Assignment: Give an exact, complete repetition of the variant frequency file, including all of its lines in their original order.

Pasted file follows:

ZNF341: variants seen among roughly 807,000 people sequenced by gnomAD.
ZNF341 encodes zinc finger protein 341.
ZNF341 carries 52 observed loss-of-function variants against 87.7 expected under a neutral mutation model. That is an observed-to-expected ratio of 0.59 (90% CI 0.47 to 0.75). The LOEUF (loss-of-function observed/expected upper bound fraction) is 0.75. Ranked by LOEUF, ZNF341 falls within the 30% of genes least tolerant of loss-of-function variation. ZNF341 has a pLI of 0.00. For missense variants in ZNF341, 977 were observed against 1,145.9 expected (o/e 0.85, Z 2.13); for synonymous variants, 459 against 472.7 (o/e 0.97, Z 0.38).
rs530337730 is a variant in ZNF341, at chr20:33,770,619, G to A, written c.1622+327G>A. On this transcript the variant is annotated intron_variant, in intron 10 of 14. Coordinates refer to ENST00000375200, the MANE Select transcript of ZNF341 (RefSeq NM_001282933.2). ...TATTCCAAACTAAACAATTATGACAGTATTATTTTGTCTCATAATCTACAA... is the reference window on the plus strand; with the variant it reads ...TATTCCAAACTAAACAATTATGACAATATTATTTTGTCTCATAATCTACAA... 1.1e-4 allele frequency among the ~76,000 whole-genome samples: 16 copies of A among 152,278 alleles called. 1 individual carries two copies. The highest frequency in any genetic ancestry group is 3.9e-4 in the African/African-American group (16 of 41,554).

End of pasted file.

ZNF341: variants seen among roughly 807,000 people sequenced by gnomAD.
ZNF341 encodes zinc finger protein 341.
ZNF341 carries 52 observed loss-of-function variants against 87.7 expected under a neutral mutation model. That is an observed-to-expected ratio of 0.59 (90% CI 0.47 to 0.75). The LOEUF (loss-of-function observed/expected upper bound fraction) is 0.75. Ranked by LOEUF, ZNF341 falls within the 30% of genes least tolerant of loss-of-function variation. ZNF341 has a pLI of 0.00. For missense variants in ZNF341, 977 were observed against 1,145.9 expected (o/e 0.85, Z 2.13); for synonymous variants, 459 against 472.7 (o/e 0.97, Z 0.38).
rs530337730 is a variant in ZNF341, at chr20:33,770,619, G to A, written c.1622+327G>A. On this transcript the variant is annotated intron_variant, in intron 10 of 14. Coordinates refer to ENST00000375200, the MANE Select transcript of ZNF341 (RefSeq NM_001282933.2). ...TATTCCAAACTAAACAATTATGACAGTATTATTTTGTCTCATAATCTACAA... is the reference window on the plus strand; with the variant it reads ...TATTCCAAACTAAACAATTATGACAATATTATTTTGTCTCATAATCTACAA... 1.1e-4 allele frequency among the ~76,000 whole-genome samples: 16 copies of A among 152,278 alleles called. 1 individual carries two copies. The highest frequency in any genetic ancestry group is 3.9e-4 in the African/African-American group (16 of 41,554).